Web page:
The Jobs Now Press Conference put out a strong message: our community needs jobs not cuts. On the day when the unemployment figures were released highlighting that Atlanta continues to face crippling unemployment and underemployment, especially in communities of color, we had the opportunity to hear the stories of our community members.
We heard from George Steed a working father that despite working two jobs still relies on federal assistance to support his family and to pay the rent. George says that we need quality jobs with decent wages. "I'm smiling but I'm crying on the inside."
Tonya Pinkston has been searching for a job for two years. Tonya wants to work at a job that doesn't put her in a position to have to choose between feeding her daughter or putting shoes on her daughter's feet. "We want to go back to work, we want to help restore America." Tonya wants to work so that she can pay off her student debt. Tonya asked, "am I being picky if I want a job that allows me to keep my lights on? Am I being picky to strive for a job that enables me to reach the American dream?"
Adam Valdez is a recent college graduate struggling with debt. He was turned away from a job because he was "overqualified." Adam believes we need jobs that offer a fair wage to their employees.
Kennith Beasley representing the American Postal Workers Union (APWU) spoke about the manufactured crisis for the United States Postal Service (USPS). The USPS receives no tax dollars from the US government. A Bush era policy forcing USPS to "pre pay" health care costs for folks not yet hired is the source of the Post Office budget issues. Our country needs good middle class USPS jobs, it is not the time to cut 120,000 USPS jobs. Support HR 1351.
Senator Nan Orrock highlighted the fact that local public sector jobs are being cut. Public sector jobs and USPS jobs largely support workers of color. During an unemployment crisis it is not the time to cut good public sector jobs, nor is it the time "for the labor commissioner to cut the unemployment check of those looking for work."
Senator Vincent Fort highlighted Bank of America's role in the economic and unemployment crisis. Just this morning he called Bank of America to stop them from foreclosing the home of a couple in their 80's. Fort says the Georgia Labor commissioner's solution to the unemployment crisis is to cut back on unemployment benefits to those looking for work. This is not the solution our community needs. "There is a war being declared on the dreams of working people."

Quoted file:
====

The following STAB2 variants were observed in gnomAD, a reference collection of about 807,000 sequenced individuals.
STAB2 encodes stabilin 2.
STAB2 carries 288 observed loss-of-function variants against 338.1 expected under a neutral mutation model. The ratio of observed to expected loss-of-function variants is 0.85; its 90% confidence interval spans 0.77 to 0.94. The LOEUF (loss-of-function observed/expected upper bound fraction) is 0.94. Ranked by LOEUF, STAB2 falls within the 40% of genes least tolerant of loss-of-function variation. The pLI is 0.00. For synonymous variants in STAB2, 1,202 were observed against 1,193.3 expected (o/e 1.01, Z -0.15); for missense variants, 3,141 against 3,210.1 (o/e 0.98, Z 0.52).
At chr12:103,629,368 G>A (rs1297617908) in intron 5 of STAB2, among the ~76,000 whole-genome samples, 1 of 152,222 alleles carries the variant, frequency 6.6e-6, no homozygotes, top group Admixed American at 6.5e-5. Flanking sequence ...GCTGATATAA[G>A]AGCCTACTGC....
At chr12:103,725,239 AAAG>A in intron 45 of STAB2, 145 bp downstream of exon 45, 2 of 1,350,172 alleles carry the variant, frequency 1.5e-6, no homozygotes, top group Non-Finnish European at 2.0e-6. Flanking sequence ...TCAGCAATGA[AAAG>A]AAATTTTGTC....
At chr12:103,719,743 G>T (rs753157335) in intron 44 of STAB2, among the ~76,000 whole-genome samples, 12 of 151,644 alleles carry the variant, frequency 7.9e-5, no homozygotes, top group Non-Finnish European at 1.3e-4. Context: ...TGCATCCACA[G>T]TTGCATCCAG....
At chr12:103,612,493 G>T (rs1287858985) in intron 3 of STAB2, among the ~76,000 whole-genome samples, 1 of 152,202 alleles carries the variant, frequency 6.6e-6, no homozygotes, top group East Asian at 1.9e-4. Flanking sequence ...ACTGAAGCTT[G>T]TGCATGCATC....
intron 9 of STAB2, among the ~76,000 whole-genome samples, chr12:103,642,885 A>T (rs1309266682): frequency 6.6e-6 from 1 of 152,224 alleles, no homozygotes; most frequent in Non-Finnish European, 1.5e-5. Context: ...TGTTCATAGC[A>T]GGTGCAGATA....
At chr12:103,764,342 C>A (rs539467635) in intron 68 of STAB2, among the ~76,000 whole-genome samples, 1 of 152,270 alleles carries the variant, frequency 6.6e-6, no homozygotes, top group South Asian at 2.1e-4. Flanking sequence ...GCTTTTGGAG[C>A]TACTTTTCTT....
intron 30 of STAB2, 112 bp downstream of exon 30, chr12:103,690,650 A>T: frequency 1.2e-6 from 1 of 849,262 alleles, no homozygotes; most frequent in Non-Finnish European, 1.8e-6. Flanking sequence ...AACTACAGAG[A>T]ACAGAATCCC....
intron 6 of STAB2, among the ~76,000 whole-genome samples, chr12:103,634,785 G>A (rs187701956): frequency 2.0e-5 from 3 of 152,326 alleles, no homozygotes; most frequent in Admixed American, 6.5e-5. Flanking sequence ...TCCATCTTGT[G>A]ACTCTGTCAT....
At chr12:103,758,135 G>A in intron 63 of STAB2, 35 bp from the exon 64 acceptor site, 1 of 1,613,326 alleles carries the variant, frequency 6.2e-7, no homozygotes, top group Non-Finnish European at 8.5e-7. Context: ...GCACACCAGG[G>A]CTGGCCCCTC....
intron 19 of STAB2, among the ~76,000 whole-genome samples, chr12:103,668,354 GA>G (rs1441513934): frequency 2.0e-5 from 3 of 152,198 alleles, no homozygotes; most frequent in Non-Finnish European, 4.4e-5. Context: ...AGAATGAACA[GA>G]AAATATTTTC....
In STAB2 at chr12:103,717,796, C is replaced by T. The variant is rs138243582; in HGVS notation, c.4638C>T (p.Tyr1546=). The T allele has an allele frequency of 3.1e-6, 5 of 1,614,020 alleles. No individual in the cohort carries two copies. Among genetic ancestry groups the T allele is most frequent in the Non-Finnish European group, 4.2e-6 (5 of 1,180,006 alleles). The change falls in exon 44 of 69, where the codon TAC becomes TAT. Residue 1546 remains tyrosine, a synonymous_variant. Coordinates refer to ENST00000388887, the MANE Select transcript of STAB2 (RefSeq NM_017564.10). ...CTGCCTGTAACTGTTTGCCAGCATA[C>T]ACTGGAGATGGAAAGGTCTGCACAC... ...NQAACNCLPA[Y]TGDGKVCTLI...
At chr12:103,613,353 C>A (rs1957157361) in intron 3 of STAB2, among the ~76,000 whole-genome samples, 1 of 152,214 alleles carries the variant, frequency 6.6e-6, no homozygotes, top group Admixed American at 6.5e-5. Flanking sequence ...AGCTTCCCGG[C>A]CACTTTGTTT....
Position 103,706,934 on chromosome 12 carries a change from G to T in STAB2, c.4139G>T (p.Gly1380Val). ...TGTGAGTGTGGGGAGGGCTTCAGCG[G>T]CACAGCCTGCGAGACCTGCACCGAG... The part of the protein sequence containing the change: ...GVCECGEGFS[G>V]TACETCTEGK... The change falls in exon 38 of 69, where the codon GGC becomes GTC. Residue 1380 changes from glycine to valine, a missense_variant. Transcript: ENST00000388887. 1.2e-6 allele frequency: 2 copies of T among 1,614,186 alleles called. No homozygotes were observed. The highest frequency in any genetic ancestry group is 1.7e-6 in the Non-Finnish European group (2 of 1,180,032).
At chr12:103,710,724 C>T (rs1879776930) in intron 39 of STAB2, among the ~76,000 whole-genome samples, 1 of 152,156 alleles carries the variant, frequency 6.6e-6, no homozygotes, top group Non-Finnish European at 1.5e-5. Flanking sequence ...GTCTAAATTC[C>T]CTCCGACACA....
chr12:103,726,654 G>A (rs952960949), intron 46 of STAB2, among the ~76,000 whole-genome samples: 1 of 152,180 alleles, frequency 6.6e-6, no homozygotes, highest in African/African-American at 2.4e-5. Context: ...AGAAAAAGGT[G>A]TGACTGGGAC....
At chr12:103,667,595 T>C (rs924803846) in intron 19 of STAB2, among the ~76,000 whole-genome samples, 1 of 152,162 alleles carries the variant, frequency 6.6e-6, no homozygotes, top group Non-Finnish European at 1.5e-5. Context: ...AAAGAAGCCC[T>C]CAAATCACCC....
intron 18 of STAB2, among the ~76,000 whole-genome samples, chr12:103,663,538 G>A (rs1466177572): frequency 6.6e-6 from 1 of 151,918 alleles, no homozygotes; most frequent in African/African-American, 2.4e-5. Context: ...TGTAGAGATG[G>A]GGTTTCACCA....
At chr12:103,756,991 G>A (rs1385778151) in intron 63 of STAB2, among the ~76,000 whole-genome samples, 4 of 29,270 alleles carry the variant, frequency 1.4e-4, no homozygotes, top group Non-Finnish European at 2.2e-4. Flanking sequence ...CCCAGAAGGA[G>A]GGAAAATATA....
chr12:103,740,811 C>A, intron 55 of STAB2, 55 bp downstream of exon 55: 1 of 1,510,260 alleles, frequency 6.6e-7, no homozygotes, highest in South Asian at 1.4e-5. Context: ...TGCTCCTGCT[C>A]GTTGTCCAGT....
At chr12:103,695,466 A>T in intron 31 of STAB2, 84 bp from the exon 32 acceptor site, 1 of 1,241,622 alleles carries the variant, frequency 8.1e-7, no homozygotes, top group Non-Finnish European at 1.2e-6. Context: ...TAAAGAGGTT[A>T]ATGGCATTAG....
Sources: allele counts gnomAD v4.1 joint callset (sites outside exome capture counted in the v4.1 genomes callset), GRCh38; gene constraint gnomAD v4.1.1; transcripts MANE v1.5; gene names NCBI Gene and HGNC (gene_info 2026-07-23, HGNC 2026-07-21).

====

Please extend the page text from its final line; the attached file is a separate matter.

Georgia State Professor Frederick Brooks III, spoke of the broader perspective of unemployment across various sectors and the reality of the situation: "The economists tell us that the recession ended 1.5 years ago yet in the real world of America, there's 14 million people looking for work"
Charmaine Davis the lead organizer for 9 to 5 Working Women and Atlanta Jobs with Justice co-chair facilitated the Press Conference, she highlighted that the Atlanta Metro Area had lost more jobs in 2010 than any other Metro Area in the United States. "Georgia continues to have the 3rd highest poverty rate in the country."
Ben Speight the lead organizer for the Teamsters local 728 and Atlanta Jobs with Justice co-chair spoke about the connection between Georgia having the 2nd lowest union density in the US to Georgia having the 3rd highest levels of poverty in the US. The Occupy Wall Street movement and other Occupy movements sprouting up in Atlanta and other cities that are shining a spot light on corporate greed, union busting and the banks foreclosing on working people must grow in strength and cohesion. Our communities depend on it.